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Apricot Boysenberry Crumble

A few days ago, in one of those rare moments of clarity, I realized that I have two very different ambitions inside myself. Ambitions is perhaps the wrong word. More like voices. Sometimes one voice is louder than the other, and sometimes one voice is completely silent. Sometimes, the voices speak in tandem, and that's when I feel this dichotomy most keenly.

One of the voices I will call contentment. The other is ambition. Contentment tells me that I should be happy right now. That I am happy right now. That, while things aren't perfect or even close to perfect, I have so much to be thankful for. That I should revel in the small things.

Ambition tells me that this isn't good enough. That I deserve better or more or that I should be actively searching for something better.

I don't mean to say that ambition is bad. We are all always pushing towards something. But ambition can cloud the present--make things seem less amazing and beautiful than they are. And this is something of a minor tragedy. To not be able to see how beautiful life is or to have that beauty marred by expectation is to live in a state of disappointment.

Of course things could always be better. We could make more money and not have to worry about paying the bills. We could write a new bestselling cookbook. We could start a business and become great successes.

These two voices have been competing for some time, but this week I think one of them won out over the other. More than I desire money and success, I desire to be happy right now, in this moment. I want to notice how lovely the trees look when the wind blows. I want to appreciate the smell of bread toasting. I want to listen to good music.

And right now, at this moment, I want to share this delicious and beautiful dessert with you. It's very simple and full of the flavors of the season, packed with blushing apricots and deeply purple boysenberries. It's an homage to the fruit I've been eating since we moved here--immaculate and wonderful. I'm starting to understand why one would want to cross the country in a covered wagon to get here. It's practically the land of milk and honey as far as I'm concerned.

The crumble is gluten-free, not to be trendy but because almond meal is one of my favorite new ingredients, and it's far more flavorful than plain flour. The crumble is also vegan, not to be countercultural but because a good olive oil's peppery fruitiness compliments the fruit perfectly. It's not exactly your standard crumble, but it's so good that it may replace your old favorite recipe.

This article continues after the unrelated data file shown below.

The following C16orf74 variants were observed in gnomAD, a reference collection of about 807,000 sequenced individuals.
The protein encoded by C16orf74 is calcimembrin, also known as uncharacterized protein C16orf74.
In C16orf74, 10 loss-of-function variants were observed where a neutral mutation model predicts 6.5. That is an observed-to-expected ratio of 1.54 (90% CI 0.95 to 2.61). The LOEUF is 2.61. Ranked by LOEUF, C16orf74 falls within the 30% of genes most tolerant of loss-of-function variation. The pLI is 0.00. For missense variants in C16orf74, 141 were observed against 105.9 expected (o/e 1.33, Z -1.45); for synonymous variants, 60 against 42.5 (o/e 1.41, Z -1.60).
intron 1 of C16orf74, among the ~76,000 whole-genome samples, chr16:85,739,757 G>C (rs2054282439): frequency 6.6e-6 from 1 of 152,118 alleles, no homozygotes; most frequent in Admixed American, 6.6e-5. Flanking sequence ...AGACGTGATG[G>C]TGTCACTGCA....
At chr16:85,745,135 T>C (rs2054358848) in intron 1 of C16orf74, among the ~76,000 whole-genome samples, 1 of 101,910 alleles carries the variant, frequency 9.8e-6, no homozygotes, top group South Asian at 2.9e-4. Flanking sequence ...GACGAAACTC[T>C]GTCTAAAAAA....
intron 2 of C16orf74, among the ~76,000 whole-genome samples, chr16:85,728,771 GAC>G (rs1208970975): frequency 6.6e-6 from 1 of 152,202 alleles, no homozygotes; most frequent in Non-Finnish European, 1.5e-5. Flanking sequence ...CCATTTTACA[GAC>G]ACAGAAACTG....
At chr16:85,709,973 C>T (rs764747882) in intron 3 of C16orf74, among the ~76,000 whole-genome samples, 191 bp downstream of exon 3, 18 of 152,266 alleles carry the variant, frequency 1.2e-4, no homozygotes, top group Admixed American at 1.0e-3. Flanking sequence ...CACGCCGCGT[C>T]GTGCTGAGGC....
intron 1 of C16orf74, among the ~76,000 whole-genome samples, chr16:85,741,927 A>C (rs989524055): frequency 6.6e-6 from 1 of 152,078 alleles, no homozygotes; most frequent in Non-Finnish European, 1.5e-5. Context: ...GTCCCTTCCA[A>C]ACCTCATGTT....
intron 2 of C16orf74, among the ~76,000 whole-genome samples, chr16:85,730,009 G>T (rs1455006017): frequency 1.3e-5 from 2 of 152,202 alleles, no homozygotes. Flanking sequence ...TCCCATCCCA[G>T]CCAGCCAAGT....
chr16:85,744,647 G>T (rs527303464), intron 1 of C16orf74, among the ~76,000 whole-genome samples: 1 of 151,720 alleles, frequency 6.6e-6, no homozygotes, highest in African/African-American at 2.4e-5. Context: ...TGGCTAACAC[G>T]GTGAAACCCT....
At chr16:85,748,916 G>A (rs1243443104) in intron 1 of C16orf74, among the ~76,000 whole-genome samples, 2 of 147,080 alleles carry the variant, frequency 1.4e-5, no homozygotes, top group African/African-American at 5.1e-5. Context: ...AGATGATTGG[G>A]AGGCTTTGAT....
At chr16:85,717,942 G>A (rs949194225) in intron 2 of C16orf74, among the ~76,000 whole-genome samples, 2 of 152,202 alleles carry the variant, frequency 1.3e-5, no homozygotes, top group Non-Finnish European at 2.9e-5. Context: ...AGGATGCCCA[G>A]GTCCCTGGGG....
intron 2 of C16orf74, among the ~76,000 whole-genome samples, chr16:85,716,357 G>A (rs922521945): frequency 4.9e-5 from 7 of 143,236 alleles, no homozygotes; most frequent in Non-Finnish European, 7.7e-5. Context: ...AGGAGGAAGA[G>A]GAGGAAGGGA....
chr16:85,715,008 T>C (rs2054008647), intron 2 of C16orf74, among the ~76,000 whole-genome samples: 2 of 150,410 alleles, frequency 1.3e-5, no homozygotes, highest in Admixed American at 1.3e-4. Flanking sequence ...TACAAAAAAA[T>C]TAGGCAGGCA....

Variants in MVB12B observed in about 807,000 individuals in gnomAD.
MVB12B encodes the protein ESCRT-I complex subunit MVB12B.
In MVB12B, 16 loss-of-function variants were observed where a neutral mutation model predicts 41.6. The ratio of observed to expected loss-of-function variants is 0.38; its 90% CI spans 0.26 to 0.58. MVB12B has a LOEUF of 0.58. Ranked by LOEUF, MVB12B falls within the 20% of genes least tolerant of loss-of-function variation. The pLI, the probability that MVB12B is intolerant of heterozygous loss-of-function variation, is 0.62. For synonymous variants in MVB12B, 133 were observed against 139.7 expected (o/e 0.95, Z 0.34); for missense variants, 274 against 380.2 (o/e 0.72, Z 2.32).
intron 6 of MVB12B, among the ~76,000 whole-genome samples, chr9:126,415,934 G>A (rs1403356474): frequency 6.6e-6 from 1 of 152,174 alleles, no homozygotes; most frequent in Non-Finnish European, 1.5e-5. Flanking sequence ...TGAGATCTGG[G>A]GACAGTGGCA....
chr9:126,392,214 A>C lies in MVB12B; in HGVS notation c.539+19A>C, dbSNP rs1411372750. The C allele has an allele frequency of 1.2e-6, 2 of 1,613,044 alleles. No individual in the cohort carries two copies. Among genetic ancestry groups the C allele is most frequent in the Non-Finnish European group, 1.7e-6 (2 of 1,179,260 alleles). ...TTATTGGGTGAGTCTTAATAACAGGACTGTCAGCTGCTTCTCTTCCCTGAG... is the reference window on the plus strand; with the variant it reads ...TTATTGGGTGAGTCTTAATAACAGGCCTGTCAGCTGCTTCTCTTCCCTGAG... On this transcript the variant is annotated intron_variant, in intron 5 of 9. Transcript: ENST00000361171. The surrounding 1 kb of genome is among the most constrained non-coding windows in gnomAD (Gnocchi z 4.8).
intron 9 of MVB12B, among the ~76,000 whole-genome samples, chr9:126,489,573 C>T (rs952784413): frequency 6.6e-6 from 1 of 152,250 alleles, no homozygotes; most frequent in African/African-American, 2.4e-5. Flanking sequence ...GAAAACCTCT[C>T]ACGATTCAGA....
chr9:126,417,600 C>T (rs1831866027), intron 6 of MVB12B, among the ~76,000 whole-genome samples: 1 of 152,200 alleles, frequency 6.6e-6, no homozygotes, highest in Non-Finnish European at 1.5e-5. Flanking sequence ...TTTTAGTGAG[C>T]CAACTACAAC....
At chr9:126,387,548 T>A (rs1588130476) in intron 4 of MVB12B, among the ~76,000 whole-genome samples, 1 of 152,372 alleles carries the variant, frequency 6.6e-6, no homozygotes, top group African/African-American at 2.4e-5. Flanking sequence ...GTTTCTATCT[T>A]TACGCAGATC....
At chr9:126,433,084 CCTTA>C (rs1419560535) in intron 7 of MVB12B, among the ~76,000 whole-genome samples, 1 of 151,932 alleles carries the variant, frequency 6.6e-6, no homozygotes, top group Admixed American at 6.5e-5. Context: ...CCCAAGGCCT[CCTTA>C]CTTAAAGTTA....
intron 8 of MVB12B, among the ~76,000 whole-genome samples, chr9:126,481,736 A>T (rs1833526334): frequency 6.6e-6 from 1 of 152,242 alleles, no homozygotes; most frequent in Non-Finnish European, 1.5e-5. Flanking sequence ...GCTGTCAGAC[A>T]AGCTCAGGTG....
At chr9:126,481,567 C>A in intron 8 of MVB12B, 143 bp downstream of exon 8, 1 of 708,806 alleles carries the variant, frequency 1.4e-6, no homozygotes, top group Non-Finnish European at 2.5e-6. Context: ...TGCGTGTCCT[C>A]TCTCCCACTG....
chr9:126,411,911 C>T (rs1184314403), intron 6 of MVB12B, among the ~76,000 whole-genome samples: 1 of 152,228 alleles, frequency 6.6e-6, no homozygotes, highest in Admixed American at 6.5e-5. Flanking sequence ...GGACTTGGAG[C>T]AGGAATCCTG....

There are a number of ways you can modify this dessert. If you can't find good apricots, use peaches. If boysenberries are out of reach, use blackberries. If pistachios are too expensive, use another nut. Almond meal is cheaply and readily available at Trader Joe's (not an endorsement), so I definitely wouldn't substitute something else for that.

But more important than the recipe is that moment when you sit down with people you love and share this dessert with them. Everything else will seem unimportant.

Other articles you might enjoy: Berry Shortcake with Bourbon Hard Sauce Glaze, Apricot and Walnut Sweet Rolls with Orange Icing, Peach Pie

Apricot Boysenberry Crumble
Makes one 9-inch crumble

Note: For a tart crumble, add the smaller amount of sugar. For a sweeter crumble, add the larger amount.

Preheat the oven to 375˚F. Have a 9-inch pie pan ready.
Combine in a large bowl:
           1 pound apricots, pitted and cut into sixths
            1 pint boysenberries or blackberries
            1/4 cup dried apricots, chopped
            1/4 to 1/3 cup sugar 
            2 tablespoons cornstarch
Pour the fruit mixture into the pie pan. In another bowl, combine:
           1/4 cup sugar
            Zest of 1 orange
With your fingers, rub the zest into the sugar until the sugar is tinted light orange. Add to the bowl and combine with the sugar:
           1 cup almond meal
            1/4 cup pistachios, chopped
            1/2 teaspoon salt
            Pinch cardamom
           1/4 cup high-quality olive oil
Stir to moisten the crumble topping. When you pinch some of the topping between your fingers, it should hold together but not be wet or oily. Put clumps of the topping over the fruit (you want decently-sized pieces of the crumble, not crumbs). Bake until the crumble is well-browned, about 20 to 25 minutes. Place a square of foil over the crumble to keep it from burning and continue to bake, 20 to 30 minutes more, until the filling is bubbling and thickened. Serve warm.

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Heat a nonstick pan, well-seasoned skillet, or griddle over medium to medium-high heat (our stovetop runs a bit cool, so we were closer to medium-high). Prepare the batter while the pan heats up....